Black voters in Jones County, N.C., haven't been heard, they say. Can a new lawsuit change that?

Backed by civil rights groups and private law firms, a group of Jones County, N.C., residents have filed a lawsuit to end voting practices they consider discriminatory. The case could signal a shift in civil rights litigation.

Chris Keane/Reuters/File
A voter peels off an "I Voted" sticker after voting in North Carolina's U.S. presidential primary election at Sharon Presbyterian Church in Charlotte, North Carolina, U.S. in March 2016. Black residents of Jones County, NC filed a lawsuit Monday to end voting practices they consider discriminatory.

Black residents of Jones County, N.C., have struggled for years to ensure local representation, some say, but they hope that a new lawsuit will finally bring results.

On Monday, the Lawyers’ Committee for Civil Rights Under Law, a nonprofit based in Washington, D.C., joined with two law firms to bring a suit on behalf of black residents of Jones County, N.C. The lawsuit, filed in federal court, alleges that the county’s at-large voting system has systematically prevented black residents, who comprise almost one-third of the county, from electing the candidates of their choice to the county’s five-member Board of Commissioners. 

Since the five candidates receiving the most votes from across the county are elected to the board, the white majority can vote as a bloc to prevent black candidates from winning seats, the plaintiffs say. They argue that this election system has effectively sidelined the black community’s issues, since it is relatively easy to be elected without their votes. Instead, the plaintiffs propose creating single-member local districts, giving predominantly black neighborhoods a higher likelihood of electing their chosen candidate. 

If litigation proves successful in Jones County, it could encourage civil rights organizations to more frequently press forward with smaller cases. And the creation of single-member districts is an important step, observers suggest – though they caution that ensuring effective representation requires more than just electing a given representative.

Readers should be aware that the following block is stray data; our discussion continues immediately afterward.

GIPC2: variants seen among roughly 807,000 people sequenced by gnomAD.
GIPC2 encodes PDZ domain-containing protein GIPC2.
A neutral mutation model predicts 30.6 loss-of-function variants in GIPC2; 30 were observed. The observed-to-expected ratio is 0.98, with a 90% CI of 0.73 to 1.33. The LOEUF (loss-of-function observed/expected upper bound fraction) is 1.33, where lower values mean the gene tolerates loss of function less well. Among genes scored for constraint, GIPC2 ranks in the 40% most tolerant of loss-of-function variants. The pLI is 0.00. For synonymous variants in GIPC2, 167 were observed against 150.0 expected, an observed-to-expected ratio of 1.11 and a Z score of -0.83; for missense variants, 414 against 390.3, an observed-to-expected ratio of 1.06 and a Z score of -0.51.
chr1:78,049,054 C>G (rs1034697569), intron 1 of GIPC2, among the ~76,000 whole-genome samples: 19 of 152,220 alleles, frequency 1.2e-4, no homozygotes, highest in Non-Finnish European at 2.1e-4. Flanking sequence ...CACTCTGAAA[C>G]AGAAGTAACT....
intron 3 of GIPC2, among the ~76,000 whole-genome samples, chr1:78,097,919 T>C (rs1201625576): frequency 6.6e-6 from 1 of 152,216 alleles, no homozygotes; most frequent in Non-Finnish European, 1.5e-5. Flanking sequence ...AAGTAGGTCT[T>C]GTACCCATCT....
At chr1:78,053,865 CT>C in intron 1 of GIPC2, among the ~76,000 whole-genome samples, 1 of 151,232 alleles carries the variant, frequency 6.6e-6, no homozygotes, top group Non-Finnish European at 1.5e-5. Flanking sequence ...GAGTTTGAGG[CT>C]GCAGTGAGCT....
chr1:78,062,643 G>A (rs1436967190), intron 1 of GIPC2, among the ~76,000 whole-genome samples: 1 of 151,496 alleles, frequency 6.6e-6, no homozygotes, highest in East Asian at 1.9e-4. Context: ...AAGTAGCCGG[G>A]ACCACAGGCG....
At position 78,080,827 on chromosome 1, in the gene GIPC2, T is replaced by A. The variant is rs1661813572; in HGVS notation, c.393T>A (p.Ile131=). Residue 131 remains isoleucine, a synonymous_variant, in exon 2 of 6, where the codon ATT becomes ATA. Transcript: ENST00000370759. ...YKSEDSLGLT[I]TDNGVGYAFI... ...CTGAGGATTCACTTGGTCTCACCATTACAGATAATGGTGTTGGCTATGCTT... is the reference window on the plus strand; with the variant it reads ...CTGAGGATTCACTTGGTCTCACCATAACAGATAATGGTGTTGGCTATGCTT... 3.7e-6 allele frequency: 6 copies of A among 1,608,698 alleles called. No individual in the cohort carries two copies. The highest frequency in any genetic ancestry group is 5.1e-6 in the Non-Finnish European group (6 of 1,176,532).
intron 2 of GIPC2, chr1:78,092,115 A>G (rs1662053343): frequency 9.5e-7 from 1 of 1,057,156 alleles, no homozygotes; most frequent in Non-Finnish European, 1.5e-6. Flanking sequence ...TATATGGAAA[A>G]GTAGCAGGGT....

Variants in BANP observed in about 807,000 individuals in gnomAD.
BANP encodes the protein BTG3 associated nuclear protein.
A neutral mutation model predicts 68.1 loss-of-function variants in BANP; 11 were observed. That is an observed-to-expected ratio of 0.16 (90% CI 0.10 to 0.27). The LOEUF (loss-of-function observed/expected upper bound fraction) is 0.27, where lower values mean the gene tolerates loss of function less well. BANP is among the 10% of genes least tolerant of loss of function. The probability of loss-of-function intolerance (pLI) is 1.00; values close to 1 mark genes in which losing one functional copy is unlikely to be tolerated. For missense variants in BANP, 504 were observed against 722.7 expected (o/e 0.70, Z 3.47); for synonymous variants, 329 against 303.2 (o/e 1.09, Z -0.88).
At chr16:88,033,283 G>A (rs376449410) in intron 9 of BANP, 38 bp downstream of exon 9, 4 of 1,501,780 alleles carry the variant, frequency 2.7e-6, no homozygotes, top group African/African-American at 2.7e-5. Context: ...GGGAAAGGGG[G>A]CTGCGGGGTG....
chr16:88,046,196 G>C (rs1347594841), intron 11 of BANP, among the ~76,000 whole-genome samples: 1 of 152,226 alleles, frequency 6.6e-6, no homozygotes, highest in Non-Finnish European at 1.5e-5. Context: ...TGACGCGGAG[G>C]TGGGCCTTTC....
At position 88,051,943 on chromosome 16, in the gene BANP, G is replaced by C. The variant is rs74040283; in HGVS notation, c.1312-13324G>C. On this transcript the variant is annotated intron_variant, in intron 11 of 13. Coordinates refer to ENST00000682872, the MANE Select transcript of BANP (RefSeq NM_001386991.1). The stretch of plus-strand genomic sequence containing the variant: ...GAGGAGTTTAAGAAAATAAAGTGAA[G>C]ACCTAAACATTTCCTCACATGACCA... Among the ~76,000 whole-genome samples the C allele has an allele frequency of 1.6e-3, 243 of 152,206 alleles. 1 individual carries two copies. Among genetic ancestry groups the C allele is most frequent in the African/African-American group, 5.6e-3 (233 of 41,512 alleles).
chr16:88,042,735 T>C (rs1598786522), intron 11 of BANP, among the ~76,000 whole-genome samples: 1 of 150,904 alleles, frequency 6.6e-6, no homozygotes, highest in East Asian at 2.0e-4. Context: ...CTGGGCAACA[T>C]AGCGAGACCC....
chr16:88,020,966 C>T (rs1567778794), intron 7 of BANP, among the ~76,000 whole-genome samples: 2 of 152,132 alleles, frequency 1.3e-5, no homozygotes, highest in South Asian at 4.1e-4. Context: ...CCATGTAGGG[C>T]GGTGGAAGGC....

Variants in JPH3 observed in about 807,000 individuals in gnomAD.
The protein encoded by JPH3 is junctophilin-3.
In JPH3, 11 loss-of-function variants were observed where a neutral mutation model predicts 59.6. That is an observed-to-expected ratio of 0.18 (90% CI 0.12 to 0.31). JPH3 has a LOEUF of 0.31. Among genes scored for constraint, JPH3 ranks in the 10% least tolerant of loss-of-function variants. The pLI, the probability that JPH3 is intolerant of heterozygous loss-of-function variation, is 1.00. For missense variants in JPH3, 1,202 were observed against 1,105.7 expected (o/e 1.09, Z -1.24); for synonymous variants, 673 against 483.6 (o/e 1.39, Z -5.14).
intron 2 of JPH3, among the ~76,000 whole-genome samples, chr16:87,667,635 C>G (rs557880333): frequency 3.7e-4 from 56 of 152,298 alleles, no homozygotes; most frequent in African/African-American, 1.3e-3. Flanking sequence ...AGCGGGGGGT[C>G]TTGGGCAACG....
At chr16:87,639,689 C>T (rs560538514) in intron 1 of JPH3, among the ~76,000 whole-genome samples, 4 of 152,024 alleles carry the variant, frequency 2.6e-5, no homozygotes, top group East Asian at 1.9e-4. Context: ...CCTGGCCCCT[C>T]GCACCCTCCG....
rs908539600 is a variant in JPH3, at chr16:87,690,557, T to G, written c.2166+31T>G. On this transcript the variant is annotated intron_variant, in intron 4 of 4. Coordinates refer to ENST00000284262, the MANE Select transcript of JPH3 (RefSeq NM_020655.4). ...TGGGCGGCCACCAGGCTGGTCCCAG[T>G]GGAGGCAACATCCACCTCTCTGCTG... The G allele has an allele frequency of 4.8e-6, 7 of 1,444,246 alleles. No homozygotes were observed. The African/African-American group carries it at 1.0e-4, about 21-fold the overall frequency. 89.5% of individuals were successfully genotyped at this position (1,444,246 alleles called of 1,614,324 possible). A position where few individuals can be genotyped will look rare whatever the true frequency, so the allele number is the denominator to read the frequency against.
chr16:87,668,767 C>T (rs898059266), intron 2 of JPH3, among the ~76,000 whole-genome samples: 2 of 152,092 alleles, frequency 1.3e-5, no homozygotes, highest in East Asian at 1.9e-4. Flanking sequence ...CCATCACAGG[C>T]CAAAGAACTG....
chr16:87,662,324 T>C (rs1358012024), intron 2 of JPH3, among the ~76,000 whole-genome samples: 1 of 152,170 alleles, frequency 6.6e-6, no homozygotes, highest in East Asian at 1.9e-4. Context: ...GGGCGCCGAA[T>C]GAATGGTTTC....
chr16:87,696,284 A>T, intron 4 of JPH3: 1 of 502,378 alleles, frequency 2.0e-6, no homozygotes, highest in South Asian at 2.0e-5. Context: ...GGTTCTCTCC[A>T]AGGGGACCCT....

“They could draw single-member district boundaries that would, yes, guarantee the election of a black representative,” says Don Davison, a political science professor at Rollins College in Florida, in a phone interview with The Christian Science Monitor. “But if it only guarantees the election of a single black representative ... even if they’ll have a seat at the table, will they have influence?”

North Carolina has long been a battleground over rights at the ballot box, particularly for African-Americans – and at-large districts like the one in Jones County are nothing new, according to Irving Joyner, a law professor at North Carolina Central University’s School of Law.

“As a practice in North Carolina, at-large districts have been used in the past to submerge large minority groups in an effort to interfere with the ability of African-Americans to elect a representative of their choice,” Professor Joyner tells the Monitor in an email.

If the plaintiffs can prove that they are experiencing vote dilution – that at-large districts are preventing their voices from being heard – and that they would be better represented with single-member districts, then a judge can order the county to institute single-member districts instead, he writes.